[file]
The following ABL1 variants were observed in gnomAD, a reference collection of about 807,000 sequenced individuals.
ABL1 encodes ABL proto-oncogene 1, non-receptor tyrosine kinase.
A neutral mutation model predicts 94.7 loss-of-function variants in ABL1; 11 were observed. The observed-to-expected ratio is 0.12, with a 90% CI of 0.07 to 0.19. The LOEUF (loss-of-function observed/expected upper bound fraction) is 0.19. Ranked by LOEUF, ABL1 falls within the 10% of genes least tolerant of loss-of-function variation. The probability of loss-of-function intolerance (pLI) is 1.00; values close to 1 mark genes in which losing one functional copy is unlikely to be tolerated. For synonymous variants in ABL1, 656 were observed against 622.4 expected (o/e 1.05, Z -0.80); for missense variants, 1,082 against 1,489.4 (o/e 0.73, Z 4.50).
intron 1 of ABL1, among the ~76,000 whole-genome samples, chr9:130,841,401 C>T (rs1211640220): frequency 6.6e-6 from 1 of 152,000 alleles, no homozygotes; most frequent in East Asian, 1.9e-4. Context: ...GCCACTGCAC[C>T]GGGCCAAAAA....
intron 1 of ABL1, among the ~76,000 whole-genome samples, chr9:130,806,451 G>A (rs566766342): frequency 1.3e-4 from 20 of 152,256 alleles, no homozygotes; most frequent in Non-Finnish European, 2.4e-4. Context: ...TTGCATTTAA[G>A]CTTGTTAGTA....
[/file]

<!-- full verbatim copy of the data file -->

The following ABL1 variants were observed in gnomAD, a reference collection of about 807,000 sequenced individuals.
ABL1 encodes ABL proto-oncogene 1, non-receptor tyrosine kinase.
A neutral mutation model predicts 94.7 loss-of-function variants in ABL1; 11 were observed. The observed-to-expected ratio is 0.12, with a 90% CI of 0.07 to 0.19. The LOEUF (loss-of-function observed/expected upper bound fraction) is 0.19. Ranked by LOEUF, ABL1 falls within the 10% of genes least tolerant of loss-of-function variation. The probability of loss-of-function intolerance (pLI) is 1.00; values close to 1 mark genes in which losing one functional copy is unlikely to be tolerated. For synonymous variants in ABL1, 656 were observed against 622.4 expected (o/e 1.05, Z -0.80); for missense variants, 1,082 against 1,489.4 (o/e 0.73, Z 4.50).
intron 1 of ABL1, among the ~76,000 whole-genome samples, chr9:130,841,401 C>T (rs1211640220): frequency 6.6e-6 from 1 of 152,000 alleles, no homozygotes; most frequent in East Asian, 1.9e-4. Context: ...GCCACTGCAC[C>T]GGGCCAAAAA....
intron 1 of ABL1, among the ~76,000 whole-genome samples, chr9:130,806,451 G>A (rs566766342): frequency 1.3e-4 from 20 of 152,256 alleles, no homozygotes; most frequent in Non-Finnish European, 2.4e-4. Context: ...TTGCATTTAA[G>A]CTTGTTAGTA....